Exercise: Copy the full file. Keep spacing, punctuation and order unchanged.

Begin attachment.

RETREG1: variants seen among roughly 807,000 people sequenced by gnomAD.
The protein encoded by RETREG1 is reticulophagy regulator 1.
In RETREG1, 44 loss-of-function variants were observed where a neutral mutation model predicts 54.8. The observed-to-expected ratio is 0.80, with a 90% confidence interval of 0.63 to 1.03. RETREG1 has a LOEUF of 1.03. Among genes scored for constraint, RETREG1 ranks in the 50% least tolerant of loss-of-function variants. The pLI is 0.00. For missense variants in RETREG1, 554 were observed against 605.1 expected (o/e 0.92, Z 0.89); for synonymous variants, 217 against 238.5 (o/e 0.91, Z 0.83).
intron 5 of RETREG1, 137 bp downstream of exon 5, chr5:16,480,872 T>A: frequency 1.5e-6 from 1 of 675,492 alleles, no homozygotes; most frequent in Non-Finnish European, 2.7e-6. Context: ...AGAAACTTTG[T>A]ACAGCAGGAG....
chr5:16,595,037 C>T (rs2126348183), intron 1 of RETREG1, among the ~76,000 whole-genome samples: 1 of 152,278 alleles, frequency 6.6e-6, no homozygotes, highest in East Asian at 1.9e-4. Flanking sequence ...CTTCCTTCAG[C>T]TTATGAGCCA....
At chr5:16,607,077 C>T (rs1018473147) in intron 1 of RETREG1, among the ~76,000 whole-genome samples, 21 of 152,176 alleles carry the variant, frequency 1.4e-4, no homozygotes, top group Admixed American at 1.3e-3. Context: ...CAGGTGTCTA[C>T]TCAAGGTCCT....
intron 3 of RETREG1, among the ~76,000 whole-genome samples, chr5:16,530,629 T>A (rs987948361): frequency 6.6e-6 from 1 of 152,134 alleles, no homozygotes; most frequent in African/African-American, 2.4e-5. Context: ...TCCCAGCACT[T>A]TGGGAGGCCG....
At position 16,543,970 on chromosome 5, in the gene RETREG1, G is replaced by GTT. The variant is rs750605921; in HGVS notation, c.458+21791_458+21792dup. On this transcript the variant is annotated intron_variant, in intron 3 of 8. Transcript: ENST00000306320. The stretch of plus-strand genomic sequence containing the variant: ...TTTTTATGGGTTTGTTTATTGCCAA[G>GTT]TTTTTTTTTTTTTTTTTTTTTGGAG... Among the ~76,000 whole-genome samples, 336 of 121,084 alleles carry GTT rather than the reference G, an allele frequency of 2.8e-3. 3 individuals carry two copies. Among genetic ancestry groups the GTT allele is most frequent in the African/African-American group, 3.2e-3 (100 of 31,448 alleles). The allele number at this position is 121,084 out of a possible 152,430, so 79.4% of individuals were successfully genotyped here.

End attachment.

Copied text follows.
RETREG1: variants seen among roughly 807,000 people sequenced by gnomAD.
The protein encoded by RETREG1 is reticulophagy regulator 1.
In RETREG1, 44 loss-of-function variants were observed where a neutral mutation model predicts 54.8. The observed-to-expected ratio is 0.80, with a 90% confidence interval of 0.63 to 1.03. RETREG1 has a LOEUF of 1.03. Among genes scored for constraint, RETREG1 ranks in the 50% least tolerant of loss-of-function variants. The pLI is 0.00. For missense variants in RETREG1, 554 were observed against 605.1 expected (o/e 0.92, Z 0.89); for synonymous variants, 217 against 238.5 (o/e 0.91, Z 0.83).
intron 5 of RETREG1, 137 bp downstream of exon 5, chr5:16,480,872 T>A: frequency 1.5e-6 from 1 of 675,492 alleles, no homozygotes; most frequent in Non-Finnish European, 2.7e-6. Context: ...AGAAACTTTG[T>A]ACAGCAGGAG....
chr5:16,595,037 C>T (rs2126348183), intron 1 of RETREG1, among the ~76,000 whole-genome samples: 1 of 152,278 alleles, frequency 6.6e-6, no homozygotes, highest in East Asian at 1.9e-4. Flanking sequence ...CTTCCTTCAG[C>T]TTATGAGCCA....
At chr5:16,607,077 C>T (rs1018473147) in intron 1 of RETREG1, among the ~76,000 whole-genome samples, 21 of 152,176 alleles carry the variant, frequency 1.4e-4, no homozygotes, top group Admixed American at 1.3e-3. Context: ...CAGGTGTCTA[C>T]TCAAGGTCCT....
intron 3 of RETREG1, among the ~76,000 whole-genome samples, chr5:16,530,629 T>A (rs987948361): frequency 6.6e-6 from 1 of 152,134 alleles, no homozygotes; most frequent in African/African-American, 2.4e-5. Context: ...TCCCAGCACT[T>A]TGGGAGGCCG....
At position 16,543,970 on chromosome 5, in the gene RETREG1, G is replaced by GTT. The variant is rs750605921; in HGVS notation, c.458+21791_458+21792dup. On this transcript the variant is annotated intron_variant, in intron 3 of 8. Transcript: ENST00000306320. The stretch of plus-strand genomic sequence containing the variant: ...TTTTTATGGGTTTGTTTATTGCCAA[G>GTT]TTTTTTTTTTTTTTTTTTTTTGGAG... Among the ~76,000 whole-genome samples, 336 of 121,084 alleles carry GTT rather than the reference G, an allele frequency of 2.8e-3. 3 individuals carry two copies. Among genetic ancestry groups the GTT allele is most frequent in the African/African-American group, 3.2e-3 (100 of 31,448 alleles). The allele number at this position is 121,084 out of a possible 152,430, so 79.4% of individuals were successfully genotyped here.